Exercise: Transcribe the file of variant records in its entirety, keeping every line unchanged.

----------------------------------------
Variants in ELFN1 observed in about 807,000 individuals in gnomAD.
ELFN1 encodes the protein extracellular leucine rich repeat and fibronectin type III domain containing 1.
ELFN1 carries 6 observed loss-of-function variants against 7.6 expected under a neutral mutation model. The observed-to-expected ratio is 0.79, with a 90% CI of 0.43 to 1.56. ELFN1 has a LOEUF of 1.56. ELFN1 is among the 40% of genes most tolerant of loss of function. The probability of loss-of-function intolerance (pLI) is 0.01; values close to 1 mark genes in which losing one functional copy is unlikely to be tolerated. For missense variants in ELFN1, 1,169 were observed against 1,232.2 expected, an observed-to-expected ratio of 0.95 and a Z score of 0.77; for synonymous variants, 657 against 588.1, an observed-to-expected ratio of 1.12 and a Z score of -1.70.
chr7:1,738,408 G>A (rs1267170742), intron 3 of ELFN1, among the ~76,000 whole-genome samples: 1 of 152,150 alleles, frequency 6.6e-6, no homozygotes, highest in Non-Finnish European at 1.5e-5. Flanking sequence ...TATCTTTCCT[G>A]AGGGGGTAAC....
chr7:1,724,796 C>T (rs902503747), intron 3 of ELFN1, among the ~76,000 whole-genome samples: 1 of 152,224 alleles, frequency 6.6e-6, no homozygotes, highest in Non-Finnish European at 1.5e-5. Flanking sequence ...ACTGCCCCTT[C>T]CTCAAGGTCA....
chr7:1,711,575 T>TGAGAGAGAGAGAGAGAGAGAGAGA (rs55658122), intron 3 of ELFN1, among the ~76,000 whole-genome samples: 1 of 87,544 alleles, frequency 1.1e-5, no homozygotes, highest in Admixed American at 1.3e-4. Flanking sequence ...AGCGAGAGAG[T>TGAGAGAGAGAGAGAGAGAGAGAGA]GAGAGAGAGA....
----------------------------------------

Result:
Variants in ELFN1 observed in about 807,000 individuals in gnomAD.
ELFN1 encodes the protein extracellular leucine rich repeat and fibronectin type III domain containing 1.
ELFN1 carries 6 observed loss-of-function variants against 7.6 expected under a neutral mutation model. The observed-to-expected ratio is 0.79, with a 90% CI of 0.43 to 1.56. ELFN1 has a LOEUF of 1.56. ELFN1 is among the 40% of genes most tolerant of loss of function. The probability of loss-of-function intolerance (pLI) is 0.01; values close to 1 mark genes in which losing one functional copy is unlikely to be tolerated. For missense variants in ELFN1, 1,169 were observed against 1,232.2 expected, an observed-to-expected ratio of 0.95 and a Z score of 0.77; for synonymous variants, 657 against 588.1, an observed-to-expected ratio of 1.12 and a Z score of -1.70.
chr7:1,738,408 G>A (rs1267170742), intron 3 of ELFN1, among the ~76,000 whole-genome samples: 1 of 152,150 alleles, frequency 6.6e-6, no homozygotes, highest in Non-Finnish European at 1.5e-5. Flanking sequence ...TATCTTTCCT[G>A]AGGGGGTAAC....
chr7:1,724,796 C>T (rs902503747), intron 3 of ELFN1, among the ~76,000 whole-genome samples: 1 of 152,224 alleles, frequency 6.6e-6, no homozygotes, highest in Non-Finnish European at 1.5e-5. Flanking sequence ...ACTGCCCCTT[C>T]CTCAAGGTCA....
chr7:1,711,575 T>TGAGAGAGAGAGAGAGAGAGAGAGA (rs55658122), intron 3 of ELFN1, among the ~76,000 whole-genome samples: 1 of 87,544 alleles, frequency 1.1e-5, no homozygotes, highest in Admixed American at 1.3e-4. Flanking sequence ...AGCGAGAGAG[T>TGAGAGAGAGAGAGAGAGAGAGAGA]GAGAGAGAGA....